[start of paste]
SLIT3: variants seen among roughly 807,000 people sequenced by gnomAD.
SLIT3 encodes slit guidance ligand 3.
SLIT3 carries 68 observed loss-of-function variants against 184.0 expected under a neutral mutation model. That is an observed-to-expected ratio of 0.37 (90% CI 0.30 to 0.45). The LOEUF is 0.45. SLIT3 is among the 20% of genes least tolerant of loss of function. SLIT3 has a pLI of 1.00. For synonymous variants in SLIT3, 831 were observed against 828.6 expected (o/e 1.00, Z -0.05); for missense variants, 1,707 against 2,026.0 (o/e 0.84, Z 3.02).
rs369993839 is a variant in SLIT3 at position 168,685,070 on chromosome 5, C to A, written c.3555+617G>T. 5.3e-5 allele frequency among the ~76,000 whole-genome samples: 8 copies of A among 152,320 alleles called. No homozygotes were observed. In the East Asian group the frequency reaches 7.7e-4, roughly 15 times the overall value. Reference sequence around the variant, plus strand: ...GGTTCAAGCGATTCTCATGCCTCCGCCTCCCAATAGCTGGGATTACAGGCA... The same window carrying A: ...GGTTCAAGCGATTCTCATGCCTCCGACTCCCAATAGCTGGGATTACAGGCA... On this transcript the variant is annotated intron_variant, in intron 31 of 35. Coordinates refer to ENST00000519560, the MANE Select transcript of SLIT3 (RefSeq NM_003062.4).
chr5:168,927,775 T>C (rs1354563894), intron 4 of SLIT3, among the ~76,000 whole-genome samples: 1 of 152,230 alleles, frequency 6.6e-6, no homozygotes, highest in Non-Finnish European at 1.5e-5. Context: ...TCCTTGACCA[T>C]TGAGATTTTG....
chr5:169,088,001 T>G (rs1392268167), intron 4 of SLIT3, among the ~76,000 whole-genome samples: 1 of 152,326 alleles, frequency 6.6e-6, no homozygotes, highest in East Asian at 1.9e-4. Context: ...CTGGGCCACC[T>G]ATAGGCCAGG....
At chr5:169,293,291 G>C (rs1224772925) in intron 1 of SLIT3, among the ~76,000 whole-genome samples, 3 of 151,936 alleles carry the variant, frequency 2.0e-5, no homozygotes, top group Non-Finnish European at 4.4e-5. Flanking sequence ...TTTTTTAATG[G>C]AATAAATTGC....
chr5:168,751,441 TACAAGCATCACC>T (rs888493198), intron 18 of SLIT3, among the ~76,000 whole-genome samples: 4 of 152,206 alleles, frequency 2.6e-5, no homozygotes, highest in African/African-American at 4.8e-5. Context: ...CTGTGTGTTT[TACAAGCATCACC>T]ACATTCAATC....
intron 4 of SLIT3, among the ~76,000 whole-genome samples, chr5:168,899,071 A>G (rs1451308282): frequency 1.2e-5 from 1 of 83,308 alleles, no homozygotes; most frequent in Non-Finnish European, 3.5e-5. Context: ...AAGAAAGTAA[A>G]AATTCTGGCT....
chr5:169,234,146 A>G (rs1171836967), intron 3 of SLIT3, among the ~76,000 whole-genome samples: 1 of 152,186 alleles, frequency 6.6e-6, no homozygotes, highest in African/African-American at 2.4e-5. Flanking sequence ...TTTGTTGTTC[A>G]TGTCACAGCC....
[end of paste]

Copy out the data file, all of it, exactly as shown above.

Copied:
SLIT3: variants seen among roughly 807,000 people sequenced by gnomAD.
SLIT3 encodes slit guidance ligand 3.
SLIT3 carries 68 observed loss-of-function variants against 184.0 expected under a neutral mutation model. That is an observed-to-expected ratio of 0.37 (90% CI 0.30 to 0.45). The LOEUF is 0.45. SLIT3 is among the 20% of genes least tolerant of loss of function. SLIT3 has a pLI of 1.00. For synonymous variants in SLIT3, 831 were observed against 828.6 expected (o/e 1.00, Z -0.05); for missense variants, 1,707 against 2,026.0 (o/e 0.84, Z 3.02).
rs369993839 is a variant in SLIT3 at position 168,685,070 on chromosome 5, C to A, written c.3555+617G>T. 5.3e-5 allele frequency among the ~76,000 whole-genome samples: 8 copies of A among 152,320 alleles called. No homozygotes were observed. In the East Asian group the frequency reaches 7.7e-4, roughly 15 times the overall value. Reference sequence around the variant, plus strand: ...GGTTCAAGCGATTCTCATGCCTCCGCCTCCCAATAGCTGGGATTACAGGCA... The same window carrying A: ...GGTTCAAGCGATTCTCATGCCTCCGACTCCCAATAGCTGGGATTACAGGCA... On this transcript the variant is annotated intron_variant, in intron 31 of 35. Coordinates refer to ENST00000519560, the MANE Select transcript of SLIT3 (RefSeq NM_003062.4).
chr5:168,927,775 T>C (rs1354563894), intron 4 of SLIT3, among the ~76,000 whole-genome samples: 1 of 152,230 alleles, frequency 6.6e-6, no homozygotes, highest in Non-Finnish European at 1.5e-5. Context: ...TCCTTGACCA[T>C]TGAGATTTTG....
chr5:169,088,001 T>G (rs1392268167), intron 4 of SLIT3, among the ~76,000 whole-genome samples: 1 of 152,326 alleles, frequency 6.6e-6, no homozygotes, highest in East Asian at 1.9e-4. Context: ...CTGGGCCACC[T>G]ATAGGCCAGG....
At chr5:169,293,291 G>C (rs1224772925) in intron 1 of SLIT3, among the ~76,000 whole-genome samples, 3 of 151,936 alleles carry the variant, frequency 2.0e-5, no homozygotes, top group Non-Finnish European at 4.4e-5. Flanking sequence ...TTTTTTAATG[G>C]AATAAATTGC....
chr5:168,751,441 TACAAGCATCACC>T (rs888493198), intron 18 of SLIT3, among the ~76,000 whole-genome samples: 4 of 152,206 alleles, frequency 2.6e-5, no homozygotes, highest in African/African-American at 4.8e-5. Context: ...CTGTGTGTTT[TACAAGCATCACC>T]ACATTCAATC....
intron 4 of SLIT3, among the ~76,000 whole-genome samples, chr5:168,899,071 A>G (rs1451308282): frequency 1.2e-5 from 1 of 83,308 alleles, no homozygotes; most frequent in Non-Finnish European, 3.5e-5. Context: ...AAGAAAGTAA[A>G]AATTCTGGCT....
chr5:169,234,146 A>G (rs1171836967), intron 3 of SLIT3, among the ~76,000 whole-genome samples: 1 of 152,186 alleles, frequency 6.6e-6, no homozygotes, highest in African/African-American at 2.4e-5. Flanking sequence ...TTTGTTGTTC[A>G]TGTCACAGCC....